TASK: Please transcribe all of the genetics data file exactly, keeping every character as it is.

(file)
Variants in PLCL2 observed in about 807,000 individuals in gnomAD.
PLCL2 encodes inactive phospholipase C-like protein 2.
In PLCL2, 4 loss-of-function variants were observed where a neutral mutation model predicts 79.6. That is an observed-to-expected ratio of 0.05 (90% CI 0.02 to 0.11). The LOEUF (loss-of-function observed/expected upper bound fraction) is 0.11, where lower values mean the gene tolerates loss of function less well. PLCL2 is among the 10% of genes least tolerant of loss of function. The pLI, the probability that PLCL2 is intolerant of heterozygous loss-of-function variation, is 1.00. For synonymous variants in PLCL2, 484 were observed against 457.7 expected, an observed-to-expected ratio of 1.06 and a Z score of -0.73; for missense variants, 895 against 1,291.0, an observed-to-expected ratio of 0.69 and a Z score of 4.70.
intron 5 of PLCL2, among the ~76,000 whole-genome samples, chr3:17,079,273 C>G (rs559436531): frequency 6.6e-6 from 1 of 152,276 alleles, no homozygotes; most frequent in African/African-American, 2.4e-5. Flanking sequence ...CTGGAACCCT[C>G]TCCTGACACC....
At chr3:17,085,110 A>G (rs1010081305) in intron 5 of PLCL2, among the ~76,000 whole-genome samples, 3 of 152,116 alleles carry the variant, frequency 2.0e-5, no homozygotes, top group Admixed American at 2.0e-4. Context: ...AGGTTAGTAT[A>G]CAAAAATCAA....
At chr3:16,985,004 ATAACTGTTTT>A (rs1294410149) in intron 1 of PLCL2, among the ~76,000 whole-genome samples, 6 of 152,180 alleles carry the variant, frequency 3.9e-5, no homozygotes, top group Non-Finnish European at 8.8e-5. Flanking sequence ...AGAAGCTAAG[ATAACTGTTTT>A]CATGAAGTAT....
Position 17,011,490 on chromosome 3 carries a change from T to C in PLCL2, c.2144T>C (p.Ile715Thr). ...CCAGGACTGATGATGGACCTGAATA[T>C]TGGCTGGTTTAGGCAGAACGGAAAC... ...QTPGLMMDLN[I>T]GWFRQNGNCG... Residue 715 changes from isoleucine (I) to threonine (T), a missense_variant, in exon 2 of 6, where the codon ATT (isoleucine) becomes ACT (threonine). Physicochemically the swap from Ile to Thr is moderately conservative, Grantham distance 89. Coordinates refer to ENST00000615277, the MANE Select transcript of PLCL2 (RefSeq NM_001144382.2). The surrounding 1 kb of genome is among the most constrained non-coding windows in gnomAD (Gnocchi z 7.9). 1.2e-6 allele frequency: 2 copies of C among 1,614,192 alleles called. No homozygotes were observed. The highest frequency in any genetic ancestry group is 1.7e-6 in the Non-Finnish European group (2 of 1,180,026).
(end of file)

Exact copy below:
Variants in PLCL2 observed in about 807,000 individuals in gnomAD.
PLCL2 encodes inactive phospholipase C-like protein 2.
In PLCL2, 4 loss-of-function variants were observed where a neutral mutation model predicts 79.6. That is an observed-to-expected ratio of 0.05 (90% CI 0.02 to 0.11). The LOEUF (loss-of-function observed/expected upper bound fraction) is 0.11, where lower values mean the gene tolerates loss of function less well. PLCL2 is among the 10% of genes least tolerant of loss of function. The pLI, the probability that PLCL2 is intolerant of heterozygous loss-of-function variation, is 1.00. For synonymous variants in PLCL2, 484 were observed against 457.7 expected, an observed-to-expected ratio of 1.06 and a Z score of -0.73; for missense variants, 895 against 1,291.0, an observed-to-expected ratio of 0.69 and a Z score of 4.70.
intron 5 of PLCL2, among the ~76,000 whole-genome samples, chr3:17,079,273 C>G (rs559436531): frequency 6.6e-6 from 1 of 152,276 alleles, no homozygotes; most frequent in African/African-American, 2.4e-5. Flanking sequence ...CTGGAACCCT[C>G]TCCTGACACC....
At chr3:17,085,110 A>G (rs1010081305) in intron 5 of PLCL2, among the ~76,000 whole-genome samples, 3 of 152,116 alleles carry the variant, frequency 2.0e-5, no homozygotes, top group Admixed American at 2.0e-4. Context: ...AGGTTAGTAT[A>G]CAAAAATCAA....
At chr3:16,985,004 ATAACTGTTTT>A (rs1294410149) in intron 1 of PLCL2, among the ~76,000 whole-genome samples, 6 of 152,180 alleles carry the variant, frequency 3.9e-5, no homozygotes, top group Non-Finnish European at 8.8e-5. Flanking sequence ...AGAAGCTAAG[ATAACTGTTTT>A]CATGAAGTAT....
Position 17,011,490 on chromosome 3 carries a change from T to C in PLCL2, c.2144T>C (p.Ile715Thr). ...CCAGGACTGATGATGGACCTGAATA[T>C]TGGCTGGTTTAGGCAGAACGGAAAC... ...QTPGLMMDLN[I>T]GWFRQNGNCG... Residue 715 changes from isoleucine (I) to threonine (T), a missense_variant, in exon 2 of 6, where the codon ATT (isoleucine) becomes ACT (threonine). Physicochemically the swap from Ile to Thr is moderately conservative, Grantham distance 89. Coordinates refer to ENST00000615277, the MANE Select transcript of PLCL2 (RefSeq NM_001144382.2). The surrounding 1 kb of genome is among the most constrained non-coding windows in gnomAD (Gnocchi z 7.9). 1.2e-6 allele frequency: 2 copies of C among 1,614,192 alleles called. No homozygotes were observed. The highest frequency in any genetic ancestry group is 1.7e-6 in the Non-Finnish European group (2 of 1,180,026).